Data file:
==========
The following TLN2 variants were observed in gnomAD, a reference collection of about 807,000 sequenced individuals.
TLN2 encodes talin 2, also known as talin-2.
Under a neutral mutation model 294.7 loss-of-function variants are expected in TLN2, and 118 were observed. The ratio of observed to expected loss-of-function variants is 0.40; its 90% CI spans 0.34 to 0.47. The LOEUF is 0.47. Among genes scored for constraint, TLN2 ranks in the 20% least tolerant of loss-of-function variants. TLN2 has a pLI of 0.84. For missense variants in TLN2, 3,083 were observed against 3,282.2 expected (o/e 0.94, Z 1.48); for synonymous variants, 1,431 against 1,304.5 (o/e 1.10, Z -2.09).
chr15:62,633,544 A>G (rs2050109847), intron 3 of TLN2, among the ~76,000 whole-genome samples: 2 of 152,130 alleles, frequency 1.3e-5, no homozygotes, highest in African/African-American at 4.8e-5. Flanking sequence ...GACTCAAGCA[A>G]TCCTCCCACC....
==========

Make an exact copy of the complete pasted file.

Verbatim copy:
The following TLN2 variants were observed in gnomAD, a reference collection of about 807,000 sequenced individuals.
TLN2 encodes talin 2, also known as talin-2.
Under a neutral mutation model 294.7 loss-of-function variants are expected in TLN2, and 118 were observed. The ratio of observed to expected loss-of-function variants is 0.40; its 90% CI spans 0.34 to 0.47. The LOEUF is 0.47. Among genes scored for constraint, TLN2 ranks in the 20% least tolerant of loss-of-function variants. TLN2 has a pLI of 0.84. For missense variants in TLN2, 3,083 were observed against 3,282.2 expected (o/e 0.94, Z 1.48); for synonymous variants, 1,431 against 1,304.5 (o/e 1.10, Z -2.09).
chr15:62,633,544 A>G (rs2050109847), intron 3 of TLN2, among the ~76,000 whole-genome samples: 2 of 152,130 alleles, frequency 1.3e-5, no homozygotes, highest in African/African-American at 4.8e-5. Flanking sequence ...GACTCAAGCA[A>G]TCCTCCCACC....